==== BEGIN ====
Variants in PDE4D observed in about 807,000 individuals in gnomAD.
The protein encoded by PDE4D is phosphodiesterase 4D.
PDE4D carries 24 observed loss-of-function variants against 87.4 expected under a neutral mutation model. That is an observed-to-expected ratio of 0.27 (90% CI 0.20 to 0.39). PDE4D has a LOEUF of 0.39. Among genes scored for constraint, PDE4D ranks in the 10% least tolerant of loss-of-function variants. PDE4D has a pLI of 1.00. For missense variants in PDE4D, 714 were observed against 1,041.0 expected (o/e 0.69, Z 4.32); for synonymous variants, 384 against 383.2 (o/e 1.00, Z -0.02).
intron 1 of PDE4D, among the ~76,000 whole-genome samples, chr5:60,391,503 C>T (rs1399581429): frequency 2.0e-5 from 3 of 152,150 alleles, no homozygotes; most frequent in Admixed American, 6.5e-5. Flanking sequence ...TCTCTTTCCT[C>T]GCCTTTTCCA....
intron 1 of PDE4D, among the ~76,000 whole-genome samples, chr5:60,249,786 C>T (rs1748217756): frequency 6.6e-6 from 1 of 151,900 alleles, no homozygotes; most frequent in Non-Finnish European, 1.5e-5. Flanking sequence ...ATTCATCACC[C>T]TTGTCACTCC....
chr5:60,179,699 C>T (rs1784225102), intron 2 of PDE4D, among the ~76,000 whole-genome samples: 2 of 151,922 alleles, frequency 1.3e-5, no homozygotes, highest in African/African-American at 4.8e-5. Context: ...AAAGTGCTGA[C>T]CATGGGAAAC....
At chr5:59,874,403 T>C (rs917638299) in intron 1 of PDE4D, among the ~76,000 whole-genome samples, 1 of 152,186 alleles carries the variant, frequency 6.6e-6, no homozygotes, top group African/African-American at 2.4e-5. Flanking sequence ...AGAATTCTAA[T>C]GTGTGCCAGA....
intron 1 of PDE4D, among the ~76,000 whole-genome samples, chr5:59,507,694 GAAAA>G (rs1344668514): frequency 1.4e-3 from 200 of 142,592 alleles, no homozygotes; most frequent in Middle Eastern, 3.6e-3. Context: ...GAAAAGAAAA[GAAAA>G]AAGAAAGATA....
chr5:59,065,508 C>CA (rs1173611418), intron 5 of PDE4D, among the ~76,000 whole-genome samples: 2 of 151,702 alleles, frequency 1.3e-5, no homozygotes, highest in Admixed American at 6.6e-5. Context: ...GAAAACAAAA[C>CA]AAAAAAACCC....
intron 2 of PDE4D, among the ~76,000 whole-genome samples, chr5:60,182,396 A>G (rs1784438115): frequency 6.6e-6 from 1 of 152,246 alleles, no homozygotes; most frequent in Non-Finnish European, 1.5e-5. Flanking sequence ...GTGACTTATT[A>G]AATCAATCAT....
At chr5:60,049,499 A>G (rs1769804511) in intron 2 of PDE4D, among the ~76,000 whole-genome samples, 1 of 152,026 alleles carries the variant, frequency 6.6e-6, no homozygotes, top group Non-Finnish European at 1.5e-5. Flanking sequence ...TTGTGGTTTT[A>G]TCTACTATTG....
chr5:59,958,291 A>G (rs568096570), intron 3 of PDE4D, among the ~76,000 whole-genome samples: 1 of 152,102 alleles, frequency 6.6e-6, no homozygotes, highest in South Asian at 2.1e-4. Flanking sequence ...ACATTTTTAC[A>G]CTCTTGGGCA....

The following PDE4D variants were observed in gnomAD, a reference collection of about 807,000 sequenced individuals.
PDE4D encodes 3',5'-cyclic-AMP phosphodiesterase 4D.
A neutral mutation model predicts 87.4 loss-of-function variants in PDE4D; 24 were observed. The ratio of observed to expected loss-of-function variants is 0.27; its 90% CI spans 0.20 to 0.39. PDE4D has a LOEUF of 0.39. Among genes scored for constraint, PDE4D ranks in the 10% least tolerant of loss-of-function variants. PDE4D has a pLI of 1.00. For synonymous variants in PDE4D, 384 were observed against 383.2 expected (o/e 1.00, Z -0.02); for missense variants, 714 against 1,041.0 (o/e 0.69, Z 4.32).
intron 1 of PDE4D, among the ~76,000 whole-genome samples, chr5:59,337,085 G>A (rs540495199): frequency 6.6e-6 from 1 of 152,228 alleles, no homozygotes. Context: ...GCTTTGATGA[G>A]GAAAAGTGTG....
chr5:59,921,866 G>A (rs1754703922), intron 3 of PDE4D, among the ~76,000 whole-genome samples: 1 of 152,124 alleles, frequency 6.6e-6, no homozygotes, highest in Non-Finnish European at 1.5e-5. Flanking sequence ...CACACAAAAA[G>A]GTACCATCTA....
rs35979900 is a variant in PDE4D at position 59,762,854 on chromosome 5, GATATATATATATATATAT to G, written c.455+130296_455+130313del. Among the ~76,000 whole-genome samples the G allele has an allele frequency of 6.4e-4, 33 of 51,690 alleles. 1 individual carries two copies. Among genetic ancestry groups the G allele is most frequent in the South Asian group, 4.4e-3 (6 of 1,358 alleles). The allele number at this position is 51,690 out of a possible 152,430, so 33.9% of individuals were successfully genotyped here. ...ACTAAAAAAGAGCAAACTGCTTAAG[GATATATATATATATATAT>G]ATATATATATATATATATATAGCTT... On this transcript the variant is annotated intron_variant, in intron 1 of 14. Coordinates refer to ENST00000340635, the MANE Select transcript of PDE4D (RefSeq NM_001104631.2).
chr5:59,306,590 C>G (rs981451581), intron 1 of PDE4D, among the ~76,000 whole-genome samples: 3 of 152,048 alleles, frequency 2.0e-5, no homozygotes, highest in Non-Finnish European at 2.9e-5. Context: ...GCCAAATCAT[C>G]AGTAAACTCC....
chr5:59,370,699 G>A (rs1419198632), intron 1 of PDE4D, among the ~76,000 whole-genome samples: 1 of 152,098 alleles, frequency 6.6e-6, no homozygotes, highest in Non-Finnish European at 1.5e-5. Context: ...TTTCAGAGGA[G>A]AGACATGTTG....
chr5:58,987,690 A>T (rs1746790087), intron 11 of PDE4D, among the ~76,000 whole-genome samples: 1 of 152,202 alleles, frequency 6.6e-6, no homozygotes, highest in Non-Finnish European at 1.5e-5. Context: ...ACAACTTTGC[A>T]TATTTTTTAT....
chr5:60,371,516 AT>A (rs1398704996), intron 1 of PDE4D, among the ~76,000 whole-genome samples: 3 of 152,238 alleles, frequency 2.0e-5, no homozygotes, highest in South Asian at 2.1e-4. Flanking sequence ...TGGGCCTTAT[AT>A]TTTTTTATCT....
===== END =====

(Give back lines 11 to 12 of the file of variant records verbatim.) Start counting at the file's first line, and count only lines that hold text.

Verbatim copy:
At chr5:60,049,499 A>G (rs1769804511) in intron 2 of PDE4D, among the ~76,000 whole-genome samples, 1 of 152,026 alleles carries the variant, frequency 6.6e-6, no homozygotes, top group Non-Finnish European at 1.5e-5. Flanking sequence ...TTGTGGTTTT[A>G]TCTACTATTG....
chr5:59,958,291 A>G (rs568096570), intron 3 of PDE4D, among the ~76,000 whole-genome samples: 1 of 152,102 alleles, frequency 6.6e-6, no homozygotes, highest in South Asian at 2.1e-4. Flanking sequence ...ACATTTTTAC[A>G]CTCTTGGGCA....